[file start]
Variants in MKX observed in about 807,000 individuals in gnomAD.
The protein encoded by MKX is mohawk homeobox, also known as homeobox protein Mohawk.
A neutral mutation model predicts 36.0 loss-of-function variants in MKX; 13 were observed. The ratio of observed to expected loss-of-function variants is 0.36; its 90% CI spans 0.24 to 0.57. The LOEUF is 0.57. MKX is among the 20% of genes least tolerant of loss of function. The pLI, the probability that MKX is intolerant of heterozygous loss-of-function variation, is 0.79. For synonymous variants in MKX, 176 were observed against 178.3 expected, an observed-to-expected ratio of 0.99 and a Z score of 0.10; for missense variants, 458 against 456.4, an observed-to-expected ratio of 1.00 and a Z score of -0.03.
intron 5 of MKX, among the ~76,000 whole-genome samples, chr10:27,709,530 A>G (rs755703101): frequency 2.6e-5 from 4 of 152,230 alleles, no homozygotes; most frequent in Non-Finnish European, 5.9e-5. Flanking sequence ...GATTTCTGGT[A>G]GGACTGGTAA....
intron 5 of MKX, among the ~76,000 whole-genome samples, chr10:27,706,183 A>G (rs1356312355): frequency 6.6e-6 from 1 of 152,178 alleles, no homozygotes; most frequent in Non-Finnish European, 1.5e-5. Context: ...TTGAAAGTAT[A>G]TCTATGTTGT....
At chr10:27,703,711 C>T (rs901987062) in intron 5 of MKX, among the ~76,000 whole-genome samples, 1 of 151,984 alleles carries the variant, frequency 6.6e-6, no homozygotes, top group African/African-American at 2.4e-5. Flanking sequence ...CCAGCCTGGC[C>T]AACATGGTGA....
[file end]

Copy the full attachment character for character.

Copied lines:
Variants in MKX observed in about 807,000 individuals in gnomAD.
The protein encoded by MKX is mohawk homeobox, also known as homeobox protein Mohawk.
A neutral mutation model predicts 36.0 loss-of-function variants in MKX; 13 were observed. The ratio of observed to expected loss-of-function variants is 0.36; its 90% CI spans 0.24 to 0.57. The LOEUF is 0.57. MKX is among the 20% of genes least tolerant of loss of function. The pLI, the probability that MKX is intolerant of heterozygous loss-of-function variation, is 0.79. For synonymous variants in MKX, 176 were observed against 178.3 expected, an observed-to-expected ratio of 0.99 and a Z score of 0.10; for missense variants, 458 against 456.4, an observed-to-expected ratio of 1.00 and a Z score of -0.03.
intron 5 of MKX, among the ~76,000 whole-genome samples, chr10:27,709,530 A>G (rs755703101): frequency 2.6e-5 from 4 of 152,230 alleles, no homozygotes; most frequent in Non-Finnish European, 5.9e-5. Flanking sequence ...GATTTCTGGT[A>G]GGACTGGTAA....
intron 5 of MKX, among the ~76,000 whole-genome samples, chr10:27,706,183 A>G (rs1356312355): frequency 6.6e-6 from 1 of 152,178 alleles, no homozygotes; most frequent in Non-Finnish European, 1.5e-5. Context: ...TTGAAAGTAT[A>G]TCTATGTTGT....
At chr10:27,703,711 C>T (rs901987062) in intron 5 of MKX, among the ~76,000 whole-genome samples, 1 of 151,984 alleles carries the variant, frequency 6.6e-6, no homozygotes, top group African/African-American at 2.4e-5. Flanking sequence ...CCAGCCTGGC[C>T]AACATGGTGA....